FDS is a non-religious, non-judgemental and caring organisation of volunteers who have first-hand experience living with family members experiencing alcohol or drug dependency.

    FDS supports families by providing information about alcohol and other drugs, dependence and treatment options, while also helping families to overcome stigma and reduce self-blame, provide mutual support and help families build skills to strengthen their relationships.

    FDS provide a 24 hour, 7 days a week support line for families, support groups and meetings, the 'Stepping Stones' and 'Stepping Forward' courses, events and resources.

    Find out how FDS can help you.

    24 hour support line

    1300 368 186

    More about Family Drug Support (FDS)
  • Families, friends and loved ones can play a critical role in the recovery of people who experience alcohol and other drug problems, however they are often focused on the needs of others while they neglect their own their own health and wellbeing.

    The Family and Friend Support Program (FFSP) is an online cognitive behavioural therapy program to support people who are caring for or supporting someone with alcohol and other drug use issues.

    FFSP is based on a series of modules and includes information and activities on how families and friends can help their loved ones, with a specific emphasis on the person providing the support and their often unmet needs. The program is also suitable for health professionals.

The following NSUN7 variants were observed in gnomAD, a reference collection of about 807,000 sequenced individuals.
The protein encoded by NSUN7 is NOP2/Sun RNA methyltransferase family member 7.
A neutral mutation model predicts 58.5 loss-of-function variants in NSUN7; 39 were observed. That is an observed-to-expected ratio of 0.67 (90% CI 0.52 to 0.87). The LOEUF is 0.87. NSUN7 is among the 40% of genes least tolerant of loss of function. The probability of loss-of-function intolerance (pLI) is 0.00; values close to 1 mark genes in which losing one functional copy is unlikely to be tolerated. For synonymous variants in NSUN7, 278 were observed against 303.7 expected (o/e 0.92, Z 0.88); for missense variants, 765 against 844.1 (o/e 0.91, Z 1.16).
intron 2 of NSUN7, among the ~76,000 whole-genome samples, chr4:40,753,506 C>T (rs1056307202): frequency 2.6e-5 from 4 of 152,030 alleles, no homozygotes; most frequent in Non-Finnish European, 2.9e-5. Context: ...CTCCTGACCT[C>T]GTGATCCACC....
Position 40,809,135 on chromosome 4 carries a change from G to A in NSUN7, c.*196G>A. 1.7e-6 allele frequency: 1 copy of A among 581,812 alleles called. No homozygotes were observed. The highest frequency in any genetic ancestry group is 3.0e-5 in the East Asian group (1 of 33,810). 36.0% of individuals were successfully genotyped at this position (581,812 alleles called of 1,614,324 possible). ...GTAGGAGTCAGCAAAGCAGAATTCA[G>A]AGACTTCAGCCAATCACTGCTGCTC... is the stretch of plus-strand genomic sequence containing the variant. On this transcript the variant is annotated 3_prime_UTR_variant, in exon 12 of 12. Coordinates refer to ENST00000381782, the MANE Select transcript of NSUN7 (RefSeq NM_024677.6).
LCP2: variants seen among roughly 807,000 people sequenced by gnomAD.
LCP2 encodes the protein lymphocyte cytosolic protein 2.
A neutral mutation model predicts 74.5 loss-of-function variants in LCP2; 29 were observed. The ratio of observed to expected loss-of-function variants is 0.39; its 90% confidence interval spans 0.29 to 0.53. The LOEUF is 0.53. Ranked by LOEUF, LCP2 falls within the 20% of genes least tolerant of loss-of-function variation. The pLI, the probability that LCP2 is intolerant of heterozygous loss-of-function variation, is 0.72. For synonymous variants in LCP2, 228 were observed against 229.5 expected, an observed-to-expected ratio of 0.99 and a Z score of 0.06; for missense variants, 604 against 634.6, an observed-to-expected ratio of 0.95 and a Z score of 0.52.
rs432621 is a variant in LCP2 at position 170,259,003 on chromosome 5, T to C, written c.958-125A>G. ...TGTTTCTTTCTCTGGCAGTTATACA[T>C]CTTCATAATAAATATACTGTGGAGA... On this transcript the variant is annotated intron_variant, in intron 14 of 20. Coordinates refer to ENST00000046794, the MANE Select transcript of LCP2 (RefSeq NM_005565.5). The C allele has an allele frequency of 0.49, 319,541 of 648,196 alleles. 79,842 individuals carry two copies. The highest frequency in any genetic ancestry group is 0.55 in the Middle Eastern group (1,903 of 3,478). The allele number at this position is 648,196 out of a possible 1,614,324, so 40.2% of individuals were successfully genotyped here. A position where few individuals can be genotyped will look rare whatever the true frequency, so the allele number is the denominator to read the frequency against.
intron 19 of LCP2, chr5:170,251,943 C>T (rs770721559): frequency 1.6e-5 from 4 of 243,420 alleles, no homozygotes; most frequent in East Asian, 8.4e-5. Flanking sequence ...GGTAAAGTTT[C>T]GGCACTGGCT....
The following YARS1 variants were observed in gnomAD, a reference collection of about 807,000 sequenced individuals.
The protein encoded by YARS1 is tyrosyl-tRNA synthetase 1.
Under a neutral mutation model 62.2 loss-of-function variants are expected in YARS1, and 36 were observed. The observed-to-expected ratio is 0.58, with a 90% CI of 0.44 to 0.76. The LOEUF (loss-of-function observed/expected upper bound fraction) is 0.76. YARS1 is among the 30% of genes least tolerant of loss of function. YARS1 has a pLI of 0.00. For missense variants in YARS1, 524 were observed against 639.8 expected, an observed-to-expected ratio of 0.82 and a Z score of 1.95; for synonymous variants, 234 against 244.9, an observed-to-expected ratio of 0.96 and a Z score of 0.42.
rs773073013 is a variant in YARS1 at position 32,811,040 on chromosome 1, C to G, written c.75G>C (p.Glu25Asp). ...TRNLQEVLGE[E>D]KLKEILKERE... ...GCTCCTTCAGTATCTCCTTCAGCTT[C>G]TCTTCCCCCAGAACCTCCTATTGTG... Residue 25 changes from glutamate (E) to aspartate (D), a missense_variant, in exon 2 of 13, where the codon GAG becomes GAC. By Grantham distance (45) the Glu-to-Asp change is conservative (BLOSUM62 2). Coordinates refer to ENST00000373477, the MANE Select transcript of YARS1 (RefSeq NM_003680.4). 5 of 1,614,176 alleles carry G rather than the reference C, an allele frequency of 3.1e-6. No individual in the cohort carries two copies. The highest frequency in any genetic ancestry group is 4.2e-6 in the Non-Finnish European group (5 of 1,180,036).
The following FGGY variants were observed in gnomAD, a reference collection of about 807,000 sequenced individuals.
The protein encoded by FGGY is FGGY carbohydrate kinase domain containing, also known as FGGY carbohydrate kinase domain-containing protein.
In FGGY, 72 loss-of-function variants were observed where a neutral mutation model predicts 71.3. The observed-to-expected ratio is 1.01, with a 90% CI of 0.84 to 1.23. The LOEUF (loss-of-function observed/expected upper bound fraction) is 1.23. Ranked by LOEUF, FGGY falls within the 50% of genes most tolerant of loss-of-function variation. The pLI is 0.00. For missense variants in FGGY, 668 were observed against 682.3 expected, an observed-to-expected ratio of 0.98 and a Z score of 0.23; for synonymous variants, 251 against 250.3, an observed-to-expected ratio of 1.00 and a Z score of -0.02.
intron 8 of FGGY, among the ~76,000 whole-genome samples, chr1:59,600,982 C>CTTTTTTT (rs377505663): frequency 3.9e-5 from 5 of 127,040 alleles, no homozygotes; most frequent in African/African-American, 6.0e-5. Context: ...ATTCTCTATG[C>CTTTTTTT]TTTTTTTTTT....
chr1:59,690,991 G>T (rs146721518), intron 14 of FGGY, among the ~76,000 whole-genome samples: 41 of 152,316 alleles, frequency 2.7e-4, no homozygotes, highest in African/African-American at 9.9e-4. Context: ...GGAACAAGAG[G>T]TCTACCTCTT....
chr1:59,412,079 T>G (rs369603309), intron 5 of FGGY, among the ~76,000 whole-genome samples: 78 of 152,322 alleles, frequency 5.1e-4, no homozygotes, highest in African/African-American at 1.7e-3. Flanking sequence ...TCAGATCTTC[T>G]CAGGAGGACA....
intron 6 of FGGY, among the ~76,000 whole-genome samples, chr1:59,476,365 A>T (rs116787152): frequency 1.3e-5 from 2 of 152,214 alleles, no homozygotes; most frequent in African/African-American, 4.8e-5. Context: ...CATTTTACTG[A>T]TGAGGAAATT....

For information on how to start a conversation with your loved one about their alcohol and or other drug use, tips on how to look after yourself and other resources visit our For Families mini-site.

    Cost

    The program is free and available 24 hours a day, 7 days a week. 

    Please note that for Health Professionals there are costs involved in the 5-step training. Details about the training can be found on the Health Professionals portal in FFSP (under the icon 5-step).

    The FFSP is supported by funding from the Australian Government Department of Health.

    More about Family and Friend Support Program
  • PeerLine is confidential service run by the NSW Users and AIDS Association (NUAA). NUAA works to improve the health, welfare and dignity of people who use drugs. 

    PeerLine is a free, confidential peer supported telephone service for people who use drugs, who are on the Opioid Treatment Program or seeking treatment. Trained peers will help you with information, advice and advocacy

    NUAA-PeerLine-FullLogo.png

    PeerLine is available from 9.00am to 5.00pm Monday to Friday (excluding public holidays).

    Call for free on 1800 644 413 or email peerline@nuaa.org.au to connect.

    Monday to Friday 9am – 5pm

    1800 644 413

    More about NUAA PeerLine
  • The NSW Needle and Syringe Program (NSP) is an evidence-based public health program that aims to reduce the transmission of infections such as HIV and hepatitis C among people who inject drugs. NSP outlets provide sterile injecting equipment such as needles and syringes, Fitpacks and other injecting equipment (such as swabs, water, spoons and cotton balls) as well as disposal facilities free of charge.